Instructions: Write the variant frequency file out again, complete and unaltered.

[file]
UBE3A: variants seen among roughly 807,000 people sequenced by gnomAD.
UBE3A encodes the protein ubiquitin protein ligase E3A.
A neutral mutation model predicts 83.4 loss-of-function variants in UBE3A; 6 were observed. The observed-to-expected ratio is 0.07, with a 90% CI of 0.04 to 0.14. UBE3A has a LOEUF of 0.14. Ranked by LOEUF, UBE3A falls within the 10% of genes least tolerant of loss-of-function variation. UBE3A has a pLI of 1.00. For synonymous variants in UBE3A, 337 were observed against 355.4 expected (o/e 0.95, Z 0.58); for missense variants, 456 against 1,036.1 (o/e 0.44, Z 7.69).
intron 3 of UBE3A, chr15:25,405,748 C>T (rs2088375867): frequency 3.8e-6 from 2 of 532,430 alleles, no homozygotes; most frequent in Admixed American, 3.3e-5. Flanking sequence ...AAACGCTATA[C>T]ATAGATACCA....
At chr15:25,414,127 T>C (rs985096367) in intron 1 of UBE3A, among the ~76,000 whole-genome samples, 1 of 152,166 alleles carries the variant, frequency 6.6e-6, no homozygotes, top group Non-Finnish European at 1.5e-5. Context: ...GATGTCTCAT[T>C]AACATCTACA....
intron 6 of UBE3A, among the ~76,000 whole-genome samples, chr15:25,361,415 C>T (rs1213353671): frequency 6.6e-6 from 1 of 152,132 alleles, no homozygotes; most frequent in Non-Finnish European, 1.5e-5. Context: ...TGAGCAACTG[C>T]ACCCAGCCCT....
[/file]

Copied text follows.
UBE3A: variants seen among roughly 807,000 people sequenced by gnomAD.
UBE3A encodes the protein ubiquitin protein ligase E3A.
A neutral mutation model predicts 83.4 loss-of-function variants in UBE3A; 6 were observed. The observed-to-expected ratio is 0.07, with a 90% CI of 0.04 to 0.14. UBE3A has a LOEUF of 0.14. Ranked by LOEUF, UBE3A falls within the 10% of genes least tolerant of loss-of-function variation. UBE3A has a pLI of 1.00. For synonymous variants in UBE3A, 337 were observed against 355.4 expected (o/e 0.95, Z 0.58); for missense variants, 456 against 1,036.1 (o/e 0.44, Z 7.69).
intron 3 of UBE3A, chr15:25,405,748 C>T (rs2088375867): frequency 3.8e-6 from 2 of 532,430 alleles, no homozygotes; most frequent in Admixed American, 3.3e-5. Flanking sequence ...AAACGCTATA[C>T]ATAGATACCA....
At chr15:25,414,127 T>C (rs985096367) in intron 1 of UBE3A, among the ~76,000 whole-genome samples, 1 of 152,166 alleles carries the variant, frequency 6.6e-6, no homozygotes, top group Non-Finnish European at 1.5e-5. Context: ...GATGTCTCAT[T>C]AACATCTACA....
intron 6 of UBE3A, among the ~76,000 whole-genome samples, chr15:25,361,415 C>T (rs1213353671): frequency 6.6e-6 from 1 of 152,132 alleles, no homozygotes; most frequent in Non-Finnish European, 1.5e-5. Context: ...TGAGCAACTG[C>T]ACCCAGCCCT....